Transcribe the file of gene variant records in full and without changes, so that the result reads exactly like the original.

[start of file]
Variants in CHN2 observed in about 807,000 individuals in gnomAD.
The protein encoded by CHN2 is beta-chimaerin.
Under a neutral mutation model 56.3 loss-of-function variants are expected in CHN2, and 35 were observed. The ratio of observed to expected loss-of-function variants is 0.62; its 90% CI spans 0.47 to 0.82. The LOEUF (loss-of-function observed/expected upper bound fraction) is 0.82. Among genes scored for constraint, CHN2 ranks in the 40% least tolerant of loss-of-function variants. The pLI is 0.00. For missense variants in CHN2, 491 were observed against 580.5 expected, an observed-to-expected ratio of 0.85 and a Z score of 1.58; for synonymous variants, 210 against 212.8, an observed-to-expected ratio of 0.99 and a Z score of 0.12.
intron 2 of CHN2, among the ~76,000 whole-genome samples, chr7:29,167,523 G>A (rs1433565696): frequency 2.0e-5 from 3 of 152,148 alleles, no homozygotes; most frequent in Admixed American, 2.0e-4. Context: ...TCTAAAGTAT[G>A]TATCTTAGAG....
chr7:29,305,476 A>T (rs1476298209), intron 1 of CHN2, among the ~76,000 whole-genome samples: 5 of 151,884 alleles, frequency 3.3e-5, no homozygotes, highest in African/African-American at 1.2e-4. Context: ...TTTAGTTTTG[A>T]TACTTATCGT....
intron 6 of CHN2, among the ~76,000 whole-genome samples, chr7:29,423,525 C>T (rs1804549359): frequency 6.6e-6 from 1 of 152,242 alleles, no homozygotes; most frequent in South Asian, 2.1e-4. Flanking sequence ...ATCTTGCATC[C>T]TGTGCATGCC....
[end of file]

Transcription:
Variants in CHN2 observed in about 807,000 individuals in gnomAD.
The protein encoded by CHN2 is beta-chimaerin.
Under a neutral mutation model 56.3 loss-of-function variants are expected in CHN2, and 35 were observed. The ratio of observed to expected loss-of-function variants is 0.62; its 90% CI spans 0.47 to 0.82. The LOEUF (loss-of-function observed/expected upper bound fraction) is 0.82. Among genes scored for constraint, CHN2 ranks in the 40% least tolerant of loss-of-function variants. The pLI is 0.00. For missense variants in CHN2, 491 were observed against 580.5 expected, an observed-to-expected ratio of 0.85 and a Z score of 1.58; for synonymous variants, 210 against 212.8, an observed-to-expected ratio of 0.99 and a Z score of 0.12.
intron 2 of CHN2, among the ~76,000 whole-genome samples, chr7:29,167,523 G>A (rs1433565696): frequency 2.0e-5 from 3 of 152,148 alleles, no homozygotes; most frequent in Admixed American, 2.0e-4. Context: ...TCTAAAGTAT[G>A]TATCTTAGAG....
chr7:29,305,476 A>T (rs1476298209), intron 1 of CHN2, among the ~76,000 whole-genome samples: 5 of 151,884 alleles, frequency 3.3e-5, no homozygotes, highest in African/African-American at 1.2e-4. Context: ...TTTAGTTTTG[A>T]TACTTATCGT....
intron 6 of CHN2, among the ~76,000 whole-genome samples, chr7:29,423,525 C>T (rs1804549359): frequency 6.6e-6 from 1 of 152,242 alleles, no homozygotes; most frequent in South Asian, 2.1e-4. Flanking sequence ...ATCTTGCATC[C>T]TGTGCATGCC....